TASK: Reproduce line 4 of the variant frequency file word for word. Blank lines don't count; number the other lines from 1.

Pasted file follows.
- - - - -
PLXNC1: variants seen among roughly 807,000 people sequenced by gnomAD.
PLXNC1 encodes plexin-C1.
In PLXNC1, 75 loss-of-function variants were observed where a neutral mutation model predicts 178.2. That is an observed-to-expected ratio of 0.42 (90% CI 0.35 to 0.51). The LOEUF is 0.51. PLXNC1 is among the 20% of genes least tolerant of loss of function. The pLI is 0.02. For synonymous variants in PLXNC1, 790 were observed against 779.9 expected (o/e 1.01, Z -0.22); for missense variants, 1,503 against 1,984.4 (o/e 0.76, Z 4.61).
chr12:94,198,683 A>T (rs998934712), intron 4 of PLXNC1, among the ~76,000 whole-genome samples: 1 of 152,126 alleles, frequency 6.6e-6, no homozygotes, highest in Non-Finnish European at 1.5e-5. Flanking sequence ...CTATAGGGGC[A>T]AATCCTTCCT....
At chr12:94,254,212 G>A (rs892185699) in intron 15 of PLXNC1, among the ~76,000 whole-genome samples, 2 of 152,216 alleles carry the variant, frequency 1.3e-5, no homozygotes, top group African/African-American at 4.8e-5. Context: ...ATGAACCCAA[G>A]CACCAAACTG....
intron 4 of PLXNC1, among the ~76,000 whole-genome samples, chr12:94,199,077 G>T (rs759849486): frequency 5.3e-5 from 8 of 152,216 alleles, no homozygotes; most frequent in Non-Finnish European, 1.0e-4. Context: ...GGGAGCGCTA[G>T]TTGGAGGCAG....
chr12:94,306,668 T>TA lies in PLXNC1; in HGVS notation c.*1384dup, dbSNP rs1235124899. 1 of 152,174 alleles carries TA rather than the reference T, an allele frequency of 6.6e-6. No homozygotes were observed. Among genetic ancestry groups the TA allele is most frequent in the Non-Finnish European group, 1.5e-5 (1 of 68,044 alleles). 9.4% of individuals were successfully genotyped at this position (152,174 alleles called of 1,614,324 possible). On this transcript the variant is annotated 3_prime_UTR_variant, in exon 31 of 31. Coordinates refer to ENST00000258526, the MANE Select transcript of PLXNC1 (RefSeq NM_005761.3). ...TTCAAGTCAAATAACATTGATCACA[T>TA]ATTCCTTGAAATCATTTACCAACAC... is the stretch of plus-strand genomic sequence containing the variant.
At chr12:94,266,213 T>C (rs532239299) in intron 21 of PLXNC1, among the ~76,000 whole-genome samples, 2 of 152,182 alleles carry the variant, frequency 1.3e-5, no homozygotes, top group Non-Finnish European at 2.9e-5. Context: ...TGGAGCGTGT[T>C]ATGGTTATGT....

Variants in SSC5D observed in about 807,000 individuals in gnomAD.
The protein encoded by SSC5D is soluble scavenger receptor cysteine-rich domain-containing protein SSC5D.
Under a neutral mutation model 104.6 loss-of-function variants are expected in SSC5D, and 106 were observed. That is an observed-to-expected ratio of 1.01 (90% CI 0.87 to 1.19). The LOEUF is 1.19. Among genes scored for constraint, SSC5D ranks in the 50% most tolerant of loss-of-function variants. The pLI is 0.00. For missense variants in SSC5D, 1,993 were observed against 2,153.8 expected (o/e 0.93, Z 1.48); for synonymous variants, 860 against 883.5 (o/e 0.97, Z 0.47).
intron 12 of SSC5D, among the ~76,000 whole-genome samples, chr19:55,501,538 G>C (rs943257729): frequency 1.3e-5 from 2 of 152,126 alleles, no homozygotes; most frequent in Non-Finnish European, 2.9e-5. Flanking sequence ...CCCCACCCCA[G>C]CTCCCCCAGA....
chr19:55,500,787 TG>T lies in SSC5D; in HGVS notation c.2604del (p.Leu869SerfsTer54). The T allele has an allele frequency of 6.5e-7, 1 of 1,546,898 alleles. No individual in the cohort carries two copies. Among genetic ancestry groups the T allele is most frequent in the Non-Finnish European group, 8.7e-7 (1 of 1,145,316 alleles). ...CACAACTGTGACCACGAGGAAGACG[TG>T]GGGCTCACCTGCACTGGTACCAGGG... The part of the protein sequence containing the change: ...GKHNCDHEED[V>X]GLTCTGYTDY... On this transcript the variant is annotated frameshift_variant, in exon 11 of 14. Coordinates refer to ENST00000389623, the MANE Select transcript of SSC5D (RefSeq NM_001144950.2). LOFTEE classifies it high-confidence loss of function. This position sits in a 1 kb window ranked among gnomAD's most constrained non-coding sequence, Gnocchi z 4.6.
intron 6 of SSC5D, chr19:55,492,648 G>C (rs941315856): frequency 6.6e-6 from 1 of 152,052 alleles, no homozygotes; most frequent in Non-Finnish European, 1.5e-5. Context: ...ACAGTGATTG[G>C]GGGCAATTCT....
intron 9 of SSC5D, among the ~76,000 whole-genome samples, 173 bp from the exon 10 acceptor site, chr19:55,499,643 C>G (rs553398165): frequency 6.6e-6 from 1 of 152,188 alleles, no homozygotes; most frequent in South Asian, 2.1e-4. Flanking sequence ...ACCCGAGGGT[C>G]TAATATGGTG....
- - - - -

chr12:94,198,683 A>T (rs998934712), intron 4 of PLXNC1, among the ~76,000 whole-genome samples: 1 of 152,126 alleles, frequency 6.6e-6, no homozygotes, highest in Non-Finnish European at 1.5e-5. Flanking sequence ...CTATAGGGGC[A>T]AATCCTTCCT....